Do you know someone who is enriching your community? Someone who is making a difference in the lives of older Tennesseans?
AARP wants to recognize them. We are seeking nominations for the 2011 AARP Tennessee Andrus Award for Community Service.
The award honors AARP founder Ethel Percy Andrus, whose motto “to serve, not to be served” continues to shape our work more than 50 years after she founded this association to help older Americans age with dignity and purpose.
The 2011 Tennessee Andrus award will recognize unique individuals who have demonstrated the power to make it better in their communities in ways that are consistent with AARP’s mission, vision and commitment to volunteer service, and who inspire others to volunteer.
What’s exciting to me is that this year – for the first time – we have opened up the call for nominations to any volunteer in the state who is age 50 or older – not just AARP members!
We know that many Tennesseans are doing amazing things to help their communities and serving as an inspiration to others.
Many of them are among the hundreds of AARP volunteers who help folks with their taxes, teach safe driving skills, fight hunger, advocate on behalf of 50+ Tennesseans and so on.
Still others are individuals who saw a need in the community and committed themselves to filling it.
So if you know someone who, through volunteer service, is significantly enhancing the lives of individuals age 50 and older, please submit a nomination by June 3.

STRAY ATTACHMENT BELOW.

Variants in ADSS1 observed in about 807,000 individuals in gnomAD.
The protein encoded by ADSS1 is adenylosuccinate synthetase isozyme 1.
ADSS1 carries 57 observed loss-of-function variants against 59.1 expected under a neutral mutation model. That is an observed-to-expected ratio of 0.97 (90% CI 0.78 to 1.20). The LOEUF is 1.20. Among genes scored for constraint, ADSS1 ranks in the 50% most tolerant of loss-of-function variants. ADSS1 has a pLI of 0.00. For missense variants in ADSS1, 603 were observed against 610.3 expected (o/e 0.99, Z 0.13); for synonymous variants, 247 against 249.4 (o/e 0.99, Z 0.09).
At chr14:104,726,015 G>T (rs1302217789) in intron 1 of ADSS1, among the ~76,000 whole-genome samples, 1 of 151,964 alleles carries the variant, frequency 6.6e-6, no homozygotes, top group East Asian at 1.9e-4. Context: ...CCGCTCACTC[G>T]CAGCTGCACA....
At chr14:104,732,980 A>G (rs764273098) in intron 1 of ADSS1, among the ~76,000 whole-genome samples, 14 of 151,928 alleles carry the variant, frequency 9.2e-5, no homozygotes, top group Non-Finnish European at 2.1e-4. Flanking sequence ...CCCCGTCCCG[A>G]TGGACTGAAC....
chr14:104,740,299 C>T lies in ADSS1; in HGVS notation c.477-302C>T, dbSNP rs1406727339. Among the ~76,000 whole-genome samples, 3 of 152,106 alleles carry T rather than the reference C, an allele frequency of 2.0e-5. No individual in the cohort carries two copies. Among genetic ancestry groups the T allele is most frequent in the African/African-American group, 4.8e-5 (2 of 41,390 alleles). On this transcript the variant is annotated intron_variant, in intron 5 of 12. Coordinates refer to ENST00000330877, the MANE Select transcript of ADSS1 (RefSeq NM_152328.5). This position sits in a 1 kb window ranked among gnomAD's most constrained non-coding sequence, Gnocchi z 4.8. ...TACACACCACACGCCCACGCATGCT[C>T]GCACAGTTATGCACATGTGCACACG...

Nomination forms are available from Stacy Pennington at the AARP Tennessee state office (615-726-5116) or online, or by calling 1-888-OUR AARP (1-888-687-2277).
To become involved with AARP in your community, contact us via email at email@example.com. We are growing our teams statewide and recruiting leadership volunteers in several areas. Because we recognize the value of your time, we reimburse mileage as well as other business-related expenses.
To learn more about what we’re doing, visit with us on Facebook, Twitter and our state web page.
I look forward to hearing from and meeting more of my wonderful Tennessee neighbors, who are helping enhance the quality of life for all of us as we age.
Margot Seay, who lives in Kingsport, is AARP Tennessee’s highest-ranking volunteer.
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